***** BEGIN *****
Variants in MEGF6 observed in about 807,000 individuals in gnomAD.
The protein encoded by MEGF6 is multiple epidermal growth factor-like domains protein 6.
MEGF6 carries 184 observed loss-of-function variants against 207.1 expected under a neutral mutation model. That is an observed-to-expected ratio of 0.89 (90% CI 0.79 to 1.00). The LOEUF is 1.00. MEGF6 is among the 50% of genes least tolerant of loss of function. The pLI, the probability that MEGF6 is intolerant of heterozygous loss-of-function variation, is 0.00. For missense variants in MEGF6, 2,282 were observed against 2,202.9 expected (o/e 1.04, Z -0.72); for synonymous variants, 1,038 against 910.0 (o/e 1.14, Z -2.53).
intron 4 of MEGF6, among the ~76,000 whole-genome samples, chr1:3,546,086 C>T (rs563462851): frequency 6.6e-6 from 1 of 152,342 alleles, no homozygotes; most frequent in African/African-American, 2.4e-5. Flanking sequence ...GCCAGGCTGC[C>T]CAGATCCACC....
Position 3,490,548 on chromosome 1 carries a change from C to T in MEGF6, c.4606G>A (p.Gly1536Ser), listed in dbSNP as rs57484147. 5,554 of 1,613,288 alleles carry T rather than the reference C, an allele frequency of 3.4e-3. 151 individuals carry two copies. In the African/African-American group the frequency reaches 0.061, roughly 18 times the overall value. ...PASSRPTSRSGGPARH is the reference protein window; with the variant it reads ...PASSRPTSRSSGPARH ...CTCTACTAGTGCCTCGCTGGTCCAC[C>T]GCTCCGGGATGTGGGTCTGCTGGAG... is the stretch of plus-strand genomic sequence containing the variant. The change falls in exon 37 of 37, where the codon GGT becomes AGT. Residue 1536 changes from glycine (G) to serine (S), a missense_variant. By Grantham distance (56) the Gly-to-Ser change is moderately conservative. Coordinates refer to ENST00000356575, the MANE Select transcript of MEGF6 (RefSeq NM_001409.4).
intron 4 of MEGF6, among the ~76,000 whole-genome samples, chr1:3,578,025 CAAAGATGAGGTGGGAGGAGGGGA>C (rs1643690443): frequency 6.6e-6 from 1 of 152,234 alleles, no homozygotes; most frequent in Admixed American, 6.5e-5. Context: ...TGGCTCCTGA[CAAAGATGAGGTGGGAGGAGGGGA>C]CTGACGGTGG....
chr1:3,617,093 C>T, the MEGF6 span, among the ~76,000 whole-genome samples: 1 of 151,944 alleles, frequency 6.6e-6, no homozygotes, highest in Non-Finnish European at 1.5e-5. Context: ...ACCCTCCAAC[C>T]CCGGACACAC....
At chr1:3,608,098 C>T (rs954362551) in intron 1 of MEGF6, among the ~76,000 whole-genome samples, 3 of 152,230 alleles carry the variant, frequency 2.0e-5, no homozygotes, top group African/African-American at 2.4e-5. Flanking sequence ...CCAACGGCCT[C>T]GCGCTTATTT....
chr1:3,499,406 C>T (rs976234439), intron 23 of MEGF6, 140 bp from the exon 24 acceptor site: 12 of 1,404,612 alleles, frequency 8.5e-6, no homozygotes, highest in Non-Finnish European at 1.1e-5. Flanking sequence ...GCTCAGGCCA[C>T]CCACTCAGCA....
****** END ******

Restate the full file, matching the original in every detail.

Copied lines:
Variants in MEGF6 observed in about 807,000 individuals in gnomAD.
The protein encoded by MEGF6 is multiple epidermal growth factor-like domains protein 6.
MEGF6 carries 184 observed loss-of-function variants against 207.1 expected under a neutral mutation model. That is an observed-to-expected ratio of 0.89 (90% CI 0.79 to 1.00). The LOEUF is 1.00. MEGF6 is among the 50% of genes least tolerant of loss of function. The pLI, the probability that MEGF6 is intolerant of heterozygous loss-of-function variation, is 0.00. For missense variants in MEGF6, 2,282 were observed against 2,202.9 expected (o/e 1.04, Z -0.72); for synonymous variants, 1,038 against 910.0 (o/e 1.14, Z -2.53).
intron 4 of MEGF6, among the ~76,000 whole-genome samples, chr1:3,546,086 C>T (rs563462851): frequency 6.6e-6 from 1 of 152,342 alleles, no homozygotes; most frequent in African/African-American, 2.4e-5. Flanking sequence ...GCCAGGCTGC[C>T]CAGATCCACC....
Position 3,490,548 on chromosome 1 carries a change from C to T in MEGF6, c.4606G>A (p.Gly1536Ser), listed in dbSNP as rs57484147. 5,554 of 1,613,288 alleles carry T rather than the reference C, an allele frequency of 3.4e-3. 151 individuals carry two copies. In the African/African-American group the frequency reaches 0.061, roughly 18 times the overall value. ...PASSRPTSRSGGPARH is the reference protein window; with the variant it reads ...PASSRPTSRSSGPARH ...CTCTACTAGTGCCTCGCTGGTCCAC[C>T]GCTCCGGGATGTGGGTCTGCTGGAG... is the stretch of plus-strand genomic sequence containing the variant. The change falls in exon 37 of 37, where the codon GGT becomes AGT. Residue 1536 changes from glycine (G) to serine (S), a missense_variant. By Grantham distance (56) the Gly-to-Ser change is moderately conservative. Coordinates refer to ENST00000356575, the MANE Select transcript of MEGF6 (RefSeq NM_001409.4).
intron 4 of MEGF6, among the ~76,000 whole-genome samples, chr1:3,578,025 CAAAGATGAGGTGGGAGGAGGGGA>C (rs1643690443): frequency 6.6e-6 from 1 of 152,234 alleles, no homozygotes; most frequent in Admixed American, 6.5e-5. Context: ...TGGCTCCTGA[CAAAGATGAGGTGGGAGGAGGGGA>C]CTGACGGTGG....
chr1:3,617,093 C>T, the MEGF6 span, among the ~76,000 whole-genome samples: 1 of 151,944 alleles, frequency 6.6e-6, no homozygotes, highest in Non-Finnish European at 1.5e-5. Context: ...ACCCTCCAAC[C>T]CCGGACACAC....
At chr1:3,608,098 C>T (rs954362551) in intron 1 of MEGF6, among the ~76,000 whole-genome samples, 3 of 152,230 alleles carry the variant, frequency 2.0e-5, no homozygotes, top group African/African-American at 2.4e-5. Flanking sequence ...CCAACGGCCT[C>T]GCGCTTATTT....
chr1:3,499,406 C>T (rs976234439), intron 23 of MEGF6, 140 bp from the exon 24 acceptor site: 12 of 1,404,612 alleles, frequency 8.5e-6, no homozygotes, highest in Non-Finnish European at 1.1e-5. Flanking sequence ...GCTCAGGCCA[C>T]CCACTCAGCA....